Once again, the Trainers make the Pokemon effective. Thanks to Raihan, the two energy attack cost on Sableye V can be filled in one turn, meaning you never have to leave Sableye V on the bench unprotected.
Hoopa is included because it can do minor chip damage to set up KOs easier and more consistently than Weezing. While Weezing has a much higher damage ceiling, they can also have a Switch and just remove the Poison entirely. Hoopa guarantees 90 damage and puts almost everything in format within range of being KO’d. Hoopa is also important because it takes care of Meloetta vs. Mew. This forces your opponent back into attacking with Mew VMAX, which feeds you easy prize cards!
And here it is, the reason the deck works so well. The Inteleon line is the backbone of this deck and what carries you through games. Quick Shooting damage allows you to set up KOs with Sableye V, and Shady Dealings makes sure you can string attacks multiple turns in a row. And, once again, the basic (Sobble this time) has an amazing attack that helps you get set up each game.
As if this weren’t enough, this line is even more effective thanks to the four Scoop Up Net this deck plays. Net allows you to use Drizzile repeatedly and can even give you access to two Shady Dealings Inteleon in the same turn! Inteleon provides the deck with the consistency it needs to be competitive. I’m confident that even when more draw options such as Bibarel and Luminion V get printed, Inteleon is still your best bet.
30 more damage to V’s? Yes, please!
Well, that’s the deck! Because I explained most of the unique trainers within that section, I’m going to move on to how you should play the deck.
- First off, always go second. This is probably my biggest takeaway from playing this deck. Going first really restricts your options. You can’t draw many cards, you can’t bench much unless you get lucky and you don’t need to attach energy. Going second, you get to draw more cards, and you get the advantage of using one of your powerful basic’s attacks. In particular, I plan to go second and use Keep Calling in almost every matchup. Occasionally (such as vs. Single Strike), it can be better to use Ascension to lock them out of abilities on turn one, but most of the time, Keep Calling is what you should use.
- With four Sobble and three Koffing, you have over a 77 percent chance to start with an excellent basic Pokemon that you want to attack with on turn one. That’s insane! And, if that wasn’t enough, you’ll start Sableye V less than five percent of your games, so in almost every single game you play, you’ll be able to get a good starter or Scoop Up Net into one. Going second honestly changed my entire perception of this deck, and I have no doubt it’s optimal.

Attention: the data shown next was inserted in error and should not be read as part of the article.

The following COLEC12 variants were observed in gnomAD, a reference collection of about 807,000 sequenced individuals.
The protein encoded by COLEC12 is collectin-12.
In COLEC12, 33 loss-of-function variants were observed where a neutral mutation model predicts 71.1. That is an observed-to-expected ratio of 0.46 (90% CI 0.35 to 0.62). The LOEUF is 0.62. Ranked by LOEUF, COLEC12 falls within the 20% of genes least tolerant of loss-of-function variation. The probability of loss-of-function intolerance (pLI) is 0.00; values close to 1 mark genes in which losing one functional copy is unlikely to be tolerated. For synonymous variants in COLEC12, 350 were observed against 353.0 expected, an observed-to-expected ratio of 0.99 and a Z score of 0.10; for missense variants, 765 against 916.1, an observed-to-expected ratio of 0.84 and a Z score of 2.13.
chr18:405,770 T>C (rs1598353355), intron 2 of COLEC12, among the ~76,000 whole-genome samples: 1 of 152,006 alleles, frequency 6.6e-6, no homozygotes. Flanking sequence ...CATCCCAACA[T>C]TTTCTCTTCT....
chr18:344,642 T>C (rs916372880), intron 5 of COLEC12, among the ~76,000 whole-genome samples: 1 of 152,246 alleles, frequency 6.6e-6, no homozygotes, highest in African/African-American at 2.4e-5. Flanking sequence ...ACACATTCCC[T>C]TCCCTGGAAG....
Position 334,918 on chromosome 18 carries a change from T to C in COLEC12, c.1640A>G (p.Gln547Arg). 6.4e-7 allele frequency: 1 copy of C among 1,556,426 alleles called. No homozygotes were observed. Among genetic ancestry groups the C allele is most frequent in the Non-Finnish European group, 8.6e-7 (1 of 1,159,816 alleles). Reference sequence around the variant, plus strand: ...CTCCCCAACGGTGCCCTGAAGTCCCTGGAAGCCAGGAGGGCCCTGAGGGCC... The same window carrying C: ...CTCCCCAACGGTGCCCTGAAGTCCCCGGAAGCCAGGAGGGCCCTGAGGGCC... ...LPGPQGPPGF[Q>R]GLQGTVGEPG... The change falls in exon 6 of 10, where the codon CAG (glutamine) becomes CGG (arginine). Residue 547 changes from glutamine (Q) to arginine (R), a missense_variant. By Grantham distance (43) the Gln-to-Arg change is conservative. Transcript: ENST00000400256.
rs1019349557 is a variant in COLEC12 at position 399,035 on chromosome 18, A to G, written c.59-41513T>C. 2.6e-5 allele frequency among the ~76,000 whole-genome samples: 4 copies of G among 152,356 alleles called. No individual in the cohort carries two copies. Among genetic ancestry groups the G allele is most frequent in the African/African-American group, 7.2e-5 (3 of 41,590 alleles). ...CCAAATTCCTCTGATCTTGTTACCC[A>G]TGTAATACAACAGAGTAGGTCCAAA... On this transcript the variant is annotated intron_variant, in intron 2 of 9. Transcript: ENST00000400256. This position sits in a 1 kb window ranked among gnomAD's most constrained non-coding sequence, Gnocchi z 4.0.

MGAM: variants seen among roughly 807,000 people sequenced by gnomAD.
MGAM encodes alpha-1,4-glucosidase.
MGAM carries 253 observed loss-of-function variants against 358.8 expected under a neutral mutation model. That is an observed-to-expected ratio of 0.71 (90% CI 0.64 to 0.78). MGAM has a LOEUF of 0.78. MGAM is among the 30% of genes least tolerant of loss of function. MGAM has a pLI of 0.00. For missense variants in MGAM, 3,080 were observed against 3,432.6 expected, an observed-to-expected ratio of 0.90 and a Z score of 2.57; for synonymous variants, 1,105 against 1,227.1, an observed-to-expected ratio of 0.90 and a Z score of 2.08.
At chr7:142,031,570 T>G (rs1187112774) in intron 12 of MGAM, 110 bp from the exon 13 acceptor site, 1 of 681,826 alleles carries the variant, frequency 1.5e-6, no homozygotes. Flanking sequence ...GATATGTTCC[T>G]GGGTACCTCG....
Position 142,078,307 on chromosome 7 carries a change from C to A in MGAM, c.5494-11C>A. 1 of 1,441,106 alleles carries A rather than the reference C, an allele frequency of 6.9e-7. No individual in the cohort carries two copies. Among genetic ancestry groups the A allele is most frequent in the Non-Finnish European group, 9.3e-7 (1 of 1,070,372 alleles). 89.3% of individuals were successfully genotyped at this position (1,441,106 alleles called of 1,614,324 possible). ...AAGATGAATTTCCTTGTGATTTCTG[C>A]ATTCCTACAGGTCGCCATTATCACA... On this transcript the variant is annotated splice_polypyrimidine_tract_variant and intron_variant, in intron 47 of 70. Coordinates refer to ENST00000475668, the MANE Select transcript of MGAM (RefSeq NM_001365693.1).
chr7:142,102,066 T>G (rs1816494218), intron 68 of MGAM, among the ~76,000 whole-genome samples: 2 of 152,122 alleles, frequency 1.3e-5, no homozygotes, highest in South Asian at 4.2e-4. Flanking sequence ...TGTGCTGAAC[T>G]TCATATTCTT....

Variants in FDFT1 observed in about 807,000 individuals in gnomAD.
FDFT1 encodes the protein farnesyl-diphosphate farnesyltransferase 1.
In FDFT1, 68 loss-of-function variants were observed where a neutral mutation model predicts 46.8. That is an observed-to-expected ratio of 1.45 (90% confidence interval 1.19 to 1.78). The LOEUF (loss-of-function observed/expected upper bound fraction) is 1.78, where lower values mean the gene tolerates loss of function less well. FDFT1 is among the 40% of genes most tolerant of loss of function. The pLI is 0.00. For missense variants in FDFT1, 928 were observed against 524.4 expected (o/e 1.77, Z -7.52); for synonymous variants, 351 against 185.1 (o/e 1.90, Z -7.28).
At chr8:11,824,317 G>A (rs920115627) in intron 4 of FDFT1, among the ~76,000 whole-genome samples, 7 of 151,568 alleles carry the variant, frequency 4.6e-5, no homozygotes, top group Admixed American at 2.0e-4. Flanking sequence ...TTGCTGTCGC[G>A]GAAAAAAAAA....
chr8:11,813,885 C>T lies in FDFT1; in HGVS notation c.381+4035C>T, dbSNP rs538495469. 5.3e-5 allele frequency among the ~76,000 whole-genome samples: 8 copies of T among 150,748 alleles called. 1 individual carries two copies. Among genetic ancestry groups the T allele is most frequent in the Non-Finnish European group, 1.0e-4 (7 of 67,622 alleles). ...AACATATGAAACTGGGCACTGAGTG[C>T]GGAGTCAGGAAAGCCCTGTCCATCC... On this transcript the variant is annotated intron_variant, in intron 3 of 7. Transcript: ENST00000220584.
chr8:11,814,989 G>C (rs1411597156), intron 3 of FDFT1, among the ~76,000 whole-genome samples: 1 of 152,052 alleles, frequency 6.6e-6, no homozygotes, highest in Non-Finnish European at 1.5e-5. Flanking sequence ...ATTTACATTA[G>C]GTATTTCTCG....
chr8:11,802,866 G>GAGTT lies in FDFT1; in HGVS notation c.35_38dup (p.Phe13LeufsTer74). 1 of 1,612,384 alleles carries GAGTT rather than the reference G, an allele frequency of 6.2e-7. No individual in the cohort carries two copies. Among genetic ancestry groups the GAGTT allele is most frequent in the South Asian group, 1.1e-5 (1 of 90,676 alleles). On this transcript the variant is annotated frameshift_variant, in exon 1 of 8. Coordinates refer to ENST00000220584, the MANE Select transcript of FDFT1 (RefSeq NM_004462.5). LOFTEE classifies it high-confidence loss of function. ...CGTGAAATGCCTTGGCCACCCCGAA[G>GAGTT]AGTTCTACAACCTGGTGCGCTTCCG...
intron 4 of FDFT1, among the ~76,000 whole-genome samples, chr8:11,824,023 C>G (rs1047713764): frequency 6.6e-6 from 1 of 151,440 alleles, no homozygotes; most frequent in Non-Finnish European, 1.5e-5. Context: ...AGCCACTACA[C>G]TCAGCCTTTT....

- Saying this, always start Sobble. You want to Keep Calling, so you should play into that. If you can’t start Sobble, Koffing is the second-best, followed by Hoopa, Moltres, and finally Sableye V.
- After you use Keep Calling, you generally want to go into Weezing. Weezing slows them down, and puts a ton of damage on board
- Make sure you know what the best plays for each turn are at the start of your turn. This is important for every deck, but with so many Drizzile and Scoop Up Net, this is especially important – there are decisions around every corner. If you have a clear goal in mind when starting the turn, it will be a lot easier to accomplish what you need to, instead of re-evaluating the situation with every card you draw.
- This is also a general thing, but prize mapping is crucial with this deck. You need always to be thinking about where your following prizes will be coming from and how you can position yourself to get them. Do you need to attack with Weezing? Do you need to attack with Hoopa? Do you need to KO with Sableye V? Whatever it is, make sure you have a reason for doing it.
- Klara is usually better to save until you can use it to get back Moltres, but sometimes it can be beneficial to recover additional copies of Weezing – for example, against most one prize decks, Single Strike and Ice Rider decks, Weezing is good enough that you want to recover more copies to keep your opponent ability locked.
- I would almost always bench Moltres, even if you only get to attach one energy to it or even none. If you attach a single Energy then you can always use Raihan to power it up, and if you don’t have any Energy, then you can still use Scoop Up Net to pick it up and use it later!
This deck’s claim to fame is the Mew VMAX matchup it boasts., and it doesn’t disappoint. The combination of early pressure with Hoopa and OHKOs with Moltres and Sableye V is too much for Mew to deal with.
You want to start this matchup by using Keep Calling. Using Weezing on turn one may seem tempting to shut down Genesect V, but honestly, that barely ever does anything. They will attach energy and KO your Weezing, and then you’ll be in a bad spot. Not only is your Weezing dead, but you will barely have anything else on your bench to back it up. Keep Calling makes sure you can attack throughout the game and sets you up for victory.